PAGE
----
Understanding the school readiness of refugee children in Australia and Canada

Stream: Beyond the three E’s: country, community, family and individual factors associated with refugee integration
Date: Monday, 9 September 2019
Time: 3.40 pm – 5.00 pm

Abstract

There are over 22 million refugees worldwide and over half are children (UNHCR, 2017). Developing our understanding of who is resilient, in what ways, and in what contexts is critical for informing how settlement countries around the world can effectively address the well-being of refugee children and meet their needs upon arriving in a new host country and over time. This is particularly true for Canada and Australia, who resettled the largest number of refugees in 2015 (with the exception of the US; UNHCR, 2016).

In this study we investigate the school readiness of children in Australia and Canada. We draw on two existing population-based datasets that include children who arrived in Canada or Australia as refugees and attended the first year of school between 2009 and 2018. Both datasets include individual-level, government-sourced socio-demographic and migration data that is linked to teacher-assessed measures of school readiness (Early Development Index or Australian Early Development Census). The Early Development Index captures five broad domains of developmental well-being: Emotional Maturity, Social Competence, Language & Cognitive Development, Communication & General Knowledge, and Physical Health & Well-being. We will describe the Canadian and Australian cohorts of refugee children, differences in developmental well-being across the five domains, and the key socio-demographic and migration factor predictors of developmental well-being within and across the two country contexts. The study contributes much-needed knowledge and attention to the school readiness of refugee children across country contexts.

Authors

Ben Edwards (Presenter), Australian National University
Associate Professor Ben Edwards is a Senior Fellow at the ANU Centre for Social Research and Methods where he is focused on policy relevant research on child and youth development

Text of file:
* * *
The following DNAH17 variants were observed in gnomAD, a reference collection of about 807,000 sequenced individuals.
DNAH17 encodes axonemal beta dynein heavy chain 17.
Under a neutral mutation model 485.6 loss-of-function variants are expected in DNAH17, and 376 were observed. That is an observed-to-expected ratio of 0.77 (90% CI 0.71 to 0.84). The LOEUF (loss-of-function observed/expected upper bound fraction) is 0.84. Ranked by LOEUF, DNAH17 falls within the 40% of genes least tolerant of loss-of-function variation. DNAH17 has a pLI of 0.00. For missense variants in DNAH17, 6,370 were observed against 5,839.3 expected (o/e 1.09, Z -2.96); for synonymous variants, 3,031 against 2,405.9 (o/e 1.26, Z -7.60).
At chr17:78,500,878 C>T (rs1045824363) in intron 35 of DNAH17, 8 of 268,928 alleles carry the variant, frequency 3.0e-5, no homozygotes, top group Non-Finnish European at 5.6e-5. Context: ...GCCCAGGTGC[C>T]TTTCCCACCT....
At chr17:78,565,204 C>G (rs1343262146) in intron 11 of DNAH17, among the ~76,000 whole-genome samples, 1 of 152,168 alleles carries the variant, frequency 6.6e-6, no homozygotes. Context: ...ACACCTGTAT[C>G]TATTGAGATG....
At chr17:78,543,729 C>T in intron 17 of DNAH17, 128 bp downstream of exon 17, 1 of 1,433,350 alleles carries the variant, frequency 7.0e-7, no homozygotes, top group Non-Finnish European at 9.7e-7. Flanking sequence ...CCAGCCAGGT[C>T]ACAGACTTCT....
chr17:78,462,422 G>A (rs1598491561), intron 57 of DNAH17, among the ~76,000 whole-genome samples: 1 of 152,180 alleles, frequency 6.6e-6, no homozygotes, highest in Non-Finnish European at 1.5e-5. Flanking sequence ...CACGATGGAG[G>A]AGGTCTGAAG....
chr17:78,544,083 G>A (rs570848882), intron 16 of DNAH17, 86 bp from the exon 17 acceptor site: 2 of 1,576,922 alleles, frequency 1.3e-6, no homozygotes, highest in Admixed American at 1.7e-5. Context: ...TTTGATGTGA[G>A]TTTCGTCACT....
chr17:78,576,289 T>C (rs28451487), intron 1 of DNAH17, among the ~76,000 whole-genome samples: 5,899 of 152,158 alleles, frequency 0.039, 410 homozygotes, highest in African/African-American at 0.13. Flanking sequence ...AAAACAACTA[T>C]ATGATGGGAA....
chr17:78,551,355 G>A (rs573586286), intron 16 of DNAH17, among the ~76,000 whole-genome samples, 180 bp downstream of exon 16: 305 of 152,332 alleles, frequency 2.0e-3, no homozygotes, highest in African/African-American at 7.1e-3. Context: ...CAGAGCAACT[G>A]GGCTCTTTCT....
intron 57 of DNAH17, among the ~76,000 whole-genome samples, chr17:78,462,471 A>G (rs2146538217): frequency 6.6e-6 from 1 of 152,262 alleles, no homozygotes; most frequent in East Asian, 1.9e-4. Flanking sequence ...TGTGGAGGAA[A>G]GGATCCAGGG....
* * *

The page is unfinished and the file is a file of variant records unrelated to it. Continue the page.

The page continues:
Ben is Co-Editor of the Australian Journal of Social Issues.

He is an expert in longitudinal studies of child and youth development, linkage of administrative data to surveys and longitudinal studies of disadvantaged groups such as refugees.

Monique Gagne, University of British Columbia
Dr. Monique Gagné is a postdoctoral research fellow with the Human Early Learning Partnership (HELP) at the University of British Columbia. Her research has been largely dedicated to understanding how migration and adaptation experiences impact the development of new young Canadians and their pathways through the school system. She worked for several years with Population Data BC, and has extensive knowledge and experience with using linked, administrative and population-based data.

Martin Guhn, University of British Columbia
Dr. Martin Guhn is Assistant Professor at the Human Early Learning Partnership (HELP), School of Population and Public Health, UBC, and member of the Canadian Council on the Social Determinants of Health. He has a PhD in Human Development (UBC), conducted a Michael Smith Foundation of Health Research postdoctoral fellowship in Population Health at HELP, and has a masters degree in Psychology and a bachelor degree in Music.

His interdisciplinary, applied research focuses on social, cultural, demographic, and socio-economic determinants of children’s and adolescents’ developmental health, wellbeing, and educational trajectories, drawing from HELP’s EDI and MDI research projects.